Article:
Sponsored by
The Catkin Willow Fund for Stray Cats

Lupines (and wolves)
get a bad rapů

But don't believe
All you hear
Lupines, perennials

By Diane Everest and Suzan Fawcett
Silk Purse Farm Perennials

The plant name derives from lupus, the Latin name for wolf.  As wolves were thought to rob farmers of livestock, so it was believed that the lupine depleted the soil of its minerals and nutrients.

What kind of plant is the lupine?
Lupines are a member of the Leguminosae family.  This plant family includes beans, peas and clovers.  This is significant because this family of plants actually adds to the fertility of the soil.  They do this through nodules on their roots.  These nodules or bumps/lumps on the roots contain bacteria that convert nitrogen in the soil to a form that the plants can use to grow.
So in fact lupines are feeders of the soils not looters.
But all is not rosy with lupines.  They are poisonous.  They contain Lupinine.  Eating large numbers of seeds is the usual means of ingesting the poison.  Interestingly, livestock seem to be unaffected by eating the plant, but their milk can become poisonous and, in turn, if ingested can cause birth defects.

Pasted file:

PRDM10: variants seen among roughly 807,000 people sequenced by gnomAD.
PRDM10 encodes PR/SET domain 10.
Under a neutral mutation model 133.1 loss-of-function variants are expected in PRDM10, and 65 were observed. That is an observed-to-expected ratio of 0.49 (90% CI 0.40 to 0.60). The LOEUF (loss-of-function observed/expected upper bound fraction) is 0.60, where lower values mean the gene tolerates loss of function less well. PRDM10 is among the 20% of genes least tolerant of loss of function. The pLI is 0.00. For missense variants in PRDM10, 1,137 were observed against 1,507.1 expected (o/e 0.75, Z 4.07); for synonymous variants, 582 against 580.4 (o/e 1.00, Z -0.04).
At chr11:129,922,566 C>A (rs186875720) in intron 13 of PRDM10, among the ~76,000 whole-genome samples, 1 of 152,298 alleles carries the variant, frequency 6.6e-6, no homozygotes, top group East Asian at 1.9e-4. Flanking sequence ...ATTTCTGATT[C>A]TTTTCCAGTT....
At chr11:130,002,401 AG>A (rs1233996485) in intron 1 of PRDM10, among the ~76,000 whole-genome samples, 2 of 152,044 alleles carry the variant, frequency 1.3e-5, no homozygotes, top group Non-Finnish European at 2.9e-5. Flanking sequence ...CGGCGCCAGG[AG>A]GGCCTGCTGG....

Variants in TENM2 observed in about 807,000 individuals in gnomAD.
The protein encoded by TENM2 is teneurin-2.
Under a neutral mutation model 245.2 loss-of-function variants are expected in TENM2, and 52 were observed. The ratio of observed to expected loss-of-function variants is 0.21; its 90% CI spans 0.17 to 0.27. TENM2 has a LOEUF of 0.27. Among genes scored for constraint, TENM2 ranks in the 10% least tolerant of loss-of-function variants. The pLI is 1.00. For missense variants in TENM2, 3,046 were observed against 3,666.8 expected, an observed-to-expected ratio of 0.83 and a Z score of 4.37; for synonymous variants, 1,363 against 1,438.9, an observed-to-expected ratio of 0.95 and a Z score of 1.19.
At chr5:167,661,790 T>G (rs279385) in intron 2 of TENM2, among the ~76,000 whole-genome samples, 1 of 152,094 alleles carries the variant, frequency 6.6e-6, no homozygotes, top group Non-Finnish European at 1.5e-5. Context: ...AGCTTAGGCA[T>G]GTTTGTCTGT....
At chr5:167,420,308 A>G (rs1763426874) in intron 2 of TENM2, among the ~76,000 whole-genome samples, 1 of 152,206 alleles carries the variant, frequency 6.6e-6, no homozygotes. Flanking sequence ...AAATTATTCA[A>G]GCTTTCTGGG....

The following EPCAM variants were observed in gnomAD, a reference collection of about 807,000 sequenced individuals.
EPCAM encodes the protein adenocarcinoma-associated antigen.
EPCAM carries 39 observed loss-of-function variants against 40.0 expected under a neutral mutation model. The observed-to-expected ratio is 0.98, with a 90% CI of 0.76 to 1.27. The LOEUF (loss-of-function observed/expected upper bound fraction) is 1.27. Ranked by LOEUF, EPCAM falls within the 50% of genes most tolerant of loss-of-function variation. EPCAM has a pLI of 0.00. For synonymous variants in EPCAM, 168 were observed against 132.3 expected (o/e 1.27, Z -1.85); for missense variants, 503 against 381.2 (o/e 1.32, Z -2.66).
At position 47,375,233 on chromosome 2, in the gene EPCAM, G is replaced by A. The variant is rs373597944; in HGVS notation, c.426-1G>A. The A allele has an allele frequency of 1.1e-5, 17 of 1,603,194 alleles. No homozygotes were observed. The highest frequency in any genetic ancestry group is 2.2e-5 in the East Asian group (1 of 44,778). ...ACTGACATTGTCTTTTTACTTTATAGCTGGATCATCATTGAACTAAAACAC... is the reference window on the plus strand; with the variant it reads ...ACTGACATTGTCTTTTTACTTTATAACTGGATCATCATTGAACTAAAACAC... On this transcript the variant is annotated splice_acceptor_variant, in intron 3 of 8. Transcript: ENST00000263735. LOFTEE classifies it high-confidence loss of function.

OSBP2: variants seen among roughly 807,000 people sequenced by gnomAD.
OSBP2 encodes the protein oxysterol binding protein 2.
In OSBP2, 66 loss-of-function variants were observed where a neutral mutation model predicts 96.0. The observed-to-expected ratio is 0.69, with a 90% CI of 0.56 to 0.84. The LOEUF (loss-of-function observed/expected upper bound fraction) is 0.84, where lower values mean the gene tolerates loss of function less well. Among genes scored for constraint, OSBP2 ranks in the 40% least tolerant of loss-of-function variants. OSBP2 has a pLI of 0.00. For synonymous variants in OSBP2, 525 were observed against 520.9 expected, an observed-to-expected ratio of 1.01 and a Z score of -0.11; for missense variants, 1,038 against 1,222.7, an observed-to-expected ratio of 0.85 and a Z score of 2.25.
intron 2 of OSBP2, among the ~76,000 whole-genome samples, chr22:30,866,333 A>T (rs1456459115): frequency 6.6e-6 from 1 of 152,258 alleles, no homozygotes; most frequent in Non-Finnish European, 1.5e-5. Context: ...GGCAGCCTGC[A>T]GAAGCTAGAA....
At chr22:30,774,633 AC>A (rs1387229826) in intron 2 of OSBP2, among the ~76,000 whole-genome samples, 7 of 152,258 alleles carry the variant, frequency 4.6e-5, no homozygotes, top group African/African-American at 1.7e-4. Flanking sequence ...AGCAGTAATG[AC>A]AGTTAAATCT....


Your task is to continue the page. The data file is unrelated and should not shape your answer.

Poor Soil's Okay

Lupines love well drained, slightly acid to neutral soil.  They also thrive in poor soil.  Lupines produce more blooms if grown in the sun.  However, to add color to the shade garden we experimented with planting some in the shade and although they bloomed later in the season and had fewer blooms, they added color to our shade gardens.  And by the way, lupines do not like hot humid weather.

How it's done

We grow a shorter variety of lupines to avoid wind damage.  Lupines come in a wide variety of colors and shades.  They are considered to be a short lived perennial [3 to 4 years]. However many plants will self-seed, although the seedlings are not necessarily the same color as the mother plant.
To encourage a second flowering period cut off the stocks of fading blooms.
The lupine flowers in late June for about 2 to 3 weeks.

Pests and Diseases

Lupines have few problems.  Aphids can be a problem and they can be controlled with the use of insecticidal soap.  We have never had any disease or pest problems with our lupines

To contact Catkin Willow:

Fax: 416-487-6213
Email: catkin@catkin.org

The Catkin Willow Fund for Stray Cats sponsors more amazing gardening stuff and you can check it out by clicking on our other Gardening Pages. You can also take a brief tour of Catkin Willow's Cat Garden, or meet some of the Catkin Cats. These lovely animals have all been rescued by Catkin Willow, often with severe physical and psychological traumas, nursed back to health and given a permanent home with us.